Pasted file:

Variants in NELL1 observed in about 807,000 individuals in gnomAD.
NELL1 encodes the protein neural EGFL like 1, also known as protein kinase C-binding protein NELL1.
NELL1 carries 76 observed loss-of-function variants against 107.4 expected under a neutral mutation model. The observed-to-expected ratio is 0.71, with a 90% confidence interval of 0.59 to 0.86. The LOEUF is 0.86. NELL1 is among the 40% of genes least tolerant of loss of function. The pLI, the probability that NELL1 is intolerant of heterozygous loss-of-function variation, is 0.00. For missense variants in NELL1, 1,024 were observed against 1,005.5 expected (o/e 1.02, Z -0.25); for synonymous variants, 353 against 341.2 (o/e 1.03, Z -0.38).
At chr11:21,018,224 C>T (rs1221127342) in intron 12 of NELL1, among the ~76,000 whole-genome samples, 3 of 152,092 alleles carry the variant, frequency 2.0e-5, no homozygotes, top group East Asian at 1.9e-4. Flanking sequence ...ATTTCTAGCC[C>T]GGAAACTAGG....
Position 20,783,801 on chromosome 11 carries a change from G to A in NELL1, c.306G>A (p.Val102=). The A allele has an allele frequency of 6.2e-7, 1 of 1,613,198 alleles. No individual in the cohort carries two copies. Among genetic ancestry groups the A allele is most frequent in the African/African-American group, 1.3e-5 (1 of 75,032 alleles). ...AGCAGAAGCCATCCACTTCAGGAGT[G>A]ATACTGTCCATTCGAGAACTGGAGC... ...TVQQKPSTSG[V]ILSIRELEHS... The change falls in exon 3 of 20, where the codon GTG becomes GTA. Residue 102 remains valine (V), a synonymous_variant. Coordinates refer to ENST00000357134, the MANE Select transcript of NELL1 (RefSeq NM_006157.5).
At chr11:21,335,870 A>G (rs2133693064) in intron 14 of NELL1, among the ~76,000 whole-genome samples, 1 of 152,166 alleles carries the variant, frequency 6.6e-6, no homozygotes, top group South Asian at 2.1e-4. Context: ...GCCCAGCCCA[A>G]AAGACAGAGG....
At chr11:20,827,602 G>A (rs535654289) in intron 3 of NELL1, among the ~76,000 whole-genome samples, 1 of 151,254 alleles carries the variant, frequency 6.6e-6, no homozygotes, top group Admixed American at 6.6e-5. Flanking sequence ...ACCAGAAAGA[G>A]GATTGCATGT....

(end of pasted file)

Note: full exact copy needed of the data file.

Variants in NELL1 observed in about 807,000 individuals in gnomAD.
NELL1 encodes the protein neural EGFL like 1, also known as protein kinase C-binding protein NELL1.
NELL1 carries 76 observed loss-of-function variants against 107.4 expected under a neutral mutation model. The observed-to-expected ratio is 0.71, with a 90% confidence interval of 0.59 to 0.86. The LOEUF is 0.86. NELL1 is among the 40% of genes least tolerant of loss of function. The pLI, the probability that NELL1 is intolerant of heterozygous loss-of-function variation, is 0.00. For missense variants in NELL1, 1,024 were observed against 1,005.5 expected (o/e 1.02, Z -0.25); for synonymous variants, 353 against 341.2 (o/e 1.03, Z -0.38).
At chr11:21,018,224 C>T (rs1221127342) in intron 12 of NELL1, among the ~76,000 whole-genome samples, 3 of 152,092 alleles carry the variant, frequency 2.0e-5, no homozygotes, top group East Asian at 1.9e-4. Flanking sequence ...ATTTCTAGCC[C>T]GGAAACTAGG....
Position 20,783,801 on chromosome 11 carries a change from G to A in NELL1, c.306G>A (p.Val102=). The A allele has an allele frequency of 6.2e-7, 1 of 1,613,198 alleles. No individual in the cohort carries two copies. Among genetic ancestry groups the A allele is most frequent in the African/African-American group, 1.3e-5 (1 of 75,032 alleles). ...AGCAGAAGCCATCCACTTCAGGAGT[G>A]ATACTGTCCATTCGAGAACTGGAGC... ...TVQQKPSTSG[V]ILSIRELEHS... The change falls in exon 3 of 20, where the codon GTG becomes GTA. Residue 102 remains valine (V), a synonymous_variant. Coordinates refer to ENST00000357134, the MANE Select transcript of NELL1 (RefSeq NM_006157.5).
At chr11:21,335,870 A>G (rs2133693064) in intron 14 of NELL1, among the ~76,000 whole-genome samples, 1 of 152,166 alleles carries the variant, frequency 6.6e-6, no homozygotes, top group South Asian at 2.1e-4. Context: ...GCCCAGCCCA[A>G]AAGACAGAGG....
At chr11:20,827,602 G>A (rs535654289) in intron 3 of NELL1, among the ~76,000 whole-genome samples, 1 of 151,254 alleles carries the variant, frequency 6.6e-6, no homozygotes, top group Admixed American at 6.6e-5. Flanking sequence ...ACCAGAAAGA[G>A]GATTGCATGT....